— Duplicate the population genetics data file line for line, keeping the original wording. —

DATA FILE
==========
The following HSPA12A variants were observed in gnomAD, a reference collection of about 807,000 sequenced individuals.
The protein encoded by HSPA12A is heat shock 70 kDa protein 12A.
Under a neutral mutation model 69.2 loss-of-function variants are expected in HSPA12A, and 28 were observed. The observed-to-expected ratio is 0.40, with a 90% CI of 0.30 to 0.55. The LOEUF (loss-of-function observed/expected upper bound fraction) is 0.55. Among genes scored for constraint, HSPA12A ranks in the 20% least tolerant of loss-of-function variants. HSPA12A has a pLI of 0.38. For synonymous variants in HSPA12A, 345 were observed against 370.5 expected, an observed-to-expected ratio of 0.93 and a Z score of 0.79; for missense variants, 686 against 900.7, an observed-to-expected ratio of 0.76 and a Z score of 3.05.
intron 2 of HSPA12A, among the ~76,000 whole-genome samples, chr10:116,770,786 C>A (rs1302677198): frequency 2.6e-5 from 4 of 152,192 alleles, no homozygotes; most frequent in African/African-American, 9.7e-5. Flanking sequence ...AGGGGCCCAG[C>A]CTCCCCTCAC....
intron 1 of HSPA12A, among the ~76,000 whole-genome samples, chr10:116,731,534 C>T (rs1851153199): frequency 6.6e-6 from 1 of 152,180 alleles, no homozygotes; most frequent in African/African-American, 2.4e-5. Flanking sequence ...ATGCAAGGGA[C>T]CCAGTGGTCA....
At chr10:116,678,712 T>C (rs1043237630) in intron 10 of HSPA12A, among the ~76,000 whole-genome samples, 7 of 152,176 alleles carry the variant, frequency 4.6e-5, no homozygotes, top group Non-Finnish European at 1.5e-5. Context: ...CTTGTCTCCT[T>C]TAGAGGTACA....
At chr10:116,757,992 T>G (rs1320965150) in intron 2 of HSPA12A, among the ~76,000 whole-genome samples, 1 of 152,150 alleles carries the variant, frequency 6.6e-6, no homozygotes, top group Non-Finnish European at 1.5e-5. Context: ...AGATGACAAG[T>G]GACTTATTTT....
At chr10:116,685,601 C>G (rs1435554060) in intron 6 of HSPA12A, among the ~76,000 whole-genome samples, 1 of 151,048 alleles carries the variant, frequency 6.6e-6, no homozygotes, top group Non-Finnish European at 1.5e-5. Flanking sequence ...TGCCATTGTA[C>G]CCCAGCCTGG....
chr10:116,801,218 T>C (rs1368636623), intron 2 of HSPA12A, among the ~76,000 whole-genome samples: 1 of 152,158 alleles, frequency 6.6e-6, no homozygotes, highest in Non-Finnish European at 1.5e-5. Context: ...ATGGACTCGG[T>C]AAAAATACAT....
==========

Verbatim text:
The following HSPA12A variants were observed in gnomAD, a reference collection of about 807,000 sequenced individuals.
The protein encoded by HSPA12A is heat shock 70 kDa protein 12A.
Under a neutral mutation model 69.2 loss-of-function variants are expected in HSPA12A, and 28 were observed. The observed-to-expected ratio is 0.40, with a 90% CI of 0.30 to 0.55. The LOEUF (loss-of-function observed/expected upper bound fraction) is 0.55. Among genes scored for constraint, HSPA12A ranks in the 20% least tolerant of loss-of-function variants. HSPA12A has a pLI of 0.38. For synonymous variants in HSPA12A, 345 were observed against 370.5 expected, an observed-to-expected ratio of 0.93 and a Z score of 0.79; for missense variants, 686 against 900.7, an observed-to-expected ratio of 0.76 and a Z score of 3.05.
intron 2 of HSPA12A, among the ~76,000 whole-genome samples, chr10:116,770,786 C>A (rs1302677198): frequency 2.6e-5 from 4 of 152,192 alleles, no homozygotes; most frequent in African/African-American, 9.7e-5. Flanking sequence ...AGGGGCCCAG[C>A]CTCCCCTCAC....
intron 1 of HSPA12A, among the ~76,000 whole-genome samples, chr10:116,731,534 C>T (rs1851153199): frequency 6.6e-6 from 1 of 152,180 alleles, no homozygotes; most frequent in African/African-American, 2.4e-5. Flanking sequence ...ATGCAAGGGA[C>T]CCAGTGGTCA....
At chr10:116,678,712 T>C (rs1043237630) in intron 10 of HSPA12A, among the ~76,000 whole-genome samples, 7 of 152,176 alleles carry the variant, frequency 4.6e-5, no homozygotes, top group Non-Finnish European at 1.5e-5. Context: ...CTTGTCTCCT[T>C]TAGAGGTACA....
At chr10:116,757,992 T>G (rs1320965150) in intron 2 of HSPA12A, among the ~76,000 whole-genome samples, 1 of 152,150 alleles carries the variant, frequency 6.6e-6, no homozygotes, top group Non-Finnish European at 1.5e-5. Context: ...AGATGACAAG[T>G]GACTTATTTT....
At chr10:116,685,601 C>G (rs1435554060) in intron 6 of HSPA12A, among the ~76,000 whole-genome samples, 1 of 151,048 alleles carries the variant, frequency 6.6e-6, no homozygotes, top group Non-Finnish European at 1.5e-5. Flanking sequence ...TGCCATTGTA[C>G]CCCAGCCTGG....
chr10:116,801,218 T>C (rs1368636623), intron 2 of HSPA12A, among the ~76,000 whole-genome samples: 1 of 152,158 alleles, frequency 6.6e-6, no homozygotes, highest in Non-Finnish European at 1.5e-5. Context: ...ATGGACTCGG[T>C]AAAAATACAT....